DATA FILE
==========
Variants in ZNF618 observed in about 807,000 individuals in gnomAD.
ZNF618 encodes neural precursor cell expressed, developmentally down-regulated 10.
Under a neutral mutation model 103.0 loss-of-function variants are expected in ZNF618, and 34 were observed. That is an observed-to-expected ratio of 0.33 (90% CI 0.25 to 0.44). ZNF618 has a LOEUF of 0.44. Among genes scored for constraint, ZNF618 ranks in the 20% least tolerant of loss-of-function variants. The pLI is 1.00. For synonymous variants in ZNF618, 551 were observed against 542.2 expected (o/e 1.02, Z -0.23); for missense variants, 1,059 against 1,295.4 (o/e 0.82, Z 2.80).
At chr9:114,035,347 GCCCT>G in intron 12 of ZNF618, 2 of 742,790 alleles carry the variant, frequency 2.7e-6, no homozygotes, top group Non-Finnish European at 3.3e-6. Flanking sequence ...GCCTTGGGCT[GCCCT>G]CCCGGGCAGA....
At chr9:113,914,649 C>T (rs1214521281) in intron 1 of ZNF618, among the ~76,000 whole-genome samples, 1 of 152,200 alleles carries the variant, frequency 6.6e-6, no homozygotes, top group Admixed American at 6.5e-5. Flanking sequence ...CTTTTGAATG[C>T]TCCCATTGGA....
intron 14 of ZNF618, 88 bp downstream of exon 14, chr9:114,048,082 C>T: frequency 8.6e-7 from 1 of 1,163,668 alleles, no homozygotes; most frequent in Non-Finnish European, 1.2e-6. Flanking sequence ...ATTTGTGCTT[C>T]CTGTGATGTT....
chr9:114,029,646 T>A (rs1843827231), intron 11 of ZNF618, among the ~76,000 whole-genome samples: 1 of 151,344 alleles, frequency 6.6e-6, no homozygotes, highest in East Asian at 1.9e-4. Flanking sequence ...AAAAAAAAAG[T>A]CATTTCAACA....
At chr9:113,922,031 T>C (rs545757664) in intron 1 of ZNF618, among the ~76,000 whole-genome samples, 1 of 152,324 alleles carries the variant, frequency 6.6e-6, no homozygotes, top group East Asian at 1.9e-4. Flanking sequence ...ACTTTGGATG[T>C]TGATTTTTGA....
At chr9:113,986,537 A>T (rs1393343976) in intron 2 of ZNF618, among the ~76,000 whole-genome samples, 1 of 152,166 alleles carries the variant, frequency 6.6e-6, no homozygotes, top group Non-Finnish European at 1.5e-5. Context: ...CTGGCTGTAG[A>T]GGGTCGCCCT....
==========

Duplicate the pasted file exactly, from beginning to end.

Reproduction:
Variants in ZNF618 observed in about 807,000 individuals in gnomAD.
ZNF618 encodes neural precursor cell expressed, developmentally down-regulated 10.
Under a neutral mutation model 103.0 loss-of-function variants are expected in ZNF618, and 34 were observed. That is an observed-to-expected ratio of 0.33 (90% CI 0.25 to 0.44). ZNF618 has a LOEUF of 0.44. Among genes scored for constraint, ZNF618 ranks in the 20% least tolerant of loss-of-function variants. The pLI is 1.00. For synonymous variants in ZNF618, 551 were observed against 542.2 expected (o/e 1.02, Z -0.23); for missense variants, 1,059 against 1,295.4 (o/e 0.82, Z 2.80).
At chr9:114,035,347 GCCCT>G in intron 12 of ZNF618, 2 of 742,790 alleles carry the variant, frequency 2.7e-6, no homozygotes, top group Non-Finnish European at 3.3e-6. Flanking sequence ...GCCTTGGGCT[GCCCT>G]CCCGGGCAGA....
At chr9:113,914,649 C>T (rs1214521281) in intron 1 of ZNF618, among the ~76,000 whole-genome samples, 1 of 152,200 alleles carries the variant, frequency 6.6e-6, no homozygotes, top group Admixed American at 6.5e-5. Flanking sequence ...CTTTTGAATG[C>T]TCCCATTGGA....
intron 14 of ZNF618, 88 bp downstream of exon 14, chr9:114,048,082 C>T: frequency 8.6e-7 from 1 of 1,163,668 alleles, no homozygotes; most frequent in Non-Finnish European, 1.2e-6. Flanking sequence ...ATTTGTGCTT[C>T]CTGTGATGTT....
chr9:114,029,646 T>A (rs1843827231), intron 11 of ZNF618, among the ~76,000 whole-genome samples: 1 of 151,344 alleles, frequency 6.6e-6, no homozygotes, highest in East Asian at 1.9e-4. Flanking sequence ...AAAAAAAAAG[T>A]CATTTCAACA....
At chr9:113,922,031 T>C (rs545757664) in intron 1 of ZNF618, among the ~76,000 whole-genome samples, 1 of 152,324 alleles carries the variant, frequency 6.6e-6, no homozygotes, top group East Asian at 1.9e-4. Flanking sequence ...ACTTTGGATG[T>C]TGATTTTTGA....
At chr9:113,986,537 A>T (rs1393343976) in intron 2 of ZNF618, among the ~76,000 whole-genome samples, 1 of 152,166 alleles carries the variant, frequency 6.6e-6, no homozygotes, top group Non-Finnish European at 1.5e-5. Context: ...CTGGCTGTAG[A>T]GGGTCGCCCT....